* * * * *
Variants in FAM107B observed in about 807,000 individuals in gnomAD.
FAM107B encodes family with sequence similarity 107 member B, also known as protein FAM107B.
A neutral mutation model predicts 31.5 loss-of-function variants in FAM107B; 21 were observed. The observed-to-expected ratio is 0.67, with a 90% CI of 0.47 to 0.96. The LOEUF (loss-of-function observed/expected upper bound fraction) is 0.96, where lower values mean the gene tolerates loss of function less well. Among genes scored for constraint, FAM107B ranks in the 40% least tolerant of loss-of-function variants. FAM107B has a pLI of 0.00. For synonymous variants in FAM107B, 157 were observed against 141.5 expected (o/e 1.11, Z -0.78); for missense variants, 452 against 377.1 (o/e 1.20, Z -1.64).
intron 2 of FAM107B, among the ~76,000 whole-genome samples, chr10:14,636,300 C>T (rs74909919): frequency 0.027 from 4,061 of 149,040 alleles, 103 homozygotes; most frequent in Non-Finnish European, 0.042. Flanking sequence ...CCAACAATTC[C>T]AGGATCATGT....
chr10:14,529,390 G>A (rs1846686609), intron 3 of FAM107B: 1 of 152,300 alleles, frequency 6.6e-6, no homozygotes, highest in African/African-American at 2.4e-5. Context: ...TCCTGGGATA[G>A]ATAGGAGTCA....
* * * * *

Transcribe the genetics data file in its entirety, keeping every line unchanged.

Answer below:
Variants in FAM107B observed in about 807,000 individuals in gnomAD.
FAM107B encodes family with sequence similarity 107 member B, also known as protein FAM107B.
A neutral mutation model predicts 31.5 loss-of-function variants in FAM107B; 21 were observed. The observed-to-expected ratio is 0.67, with a 90% CI of 0.47 to 0.96. The LOEUF (loss-of-function observed/expected upper bound fraction) is 0.96, where lower values mean the gene tolerates loss of function less well. Among genes scored for constraint, FAM107B ranks in the 40% least tolerant of loss-of-function variants. FAM107B has a pLI of 0.00. For synonymous variants in FAM107B, 157 were observed against 141.5 expected (o/e 1.11, Z -0.78); for missense variants, 452 against 377.1 (o/e 1.20, Z -1.64).
intron 2 of FAM107B, among the ~76,000 whole-genome samples, chr10:14,636,300 C>T (rs74909919): frequency 0.027 from 4,061 of 149,040 alleles, 103 homozygotes; most frequent in Non-Finnish European, 0.042. Flanking sequence ...CCAACAATTC[C>T]AGGATCATGT....
chr10:14,529,390 G>A (rs1846686609), intron 3 of FAM107B: 1 of 152,300 alleles, frequency 6.6e-6, no homozygotes, highest in African/African-American at 2.4e-5. Context: ...TCCTGGGATA[G>A]ATAGGAGTCA....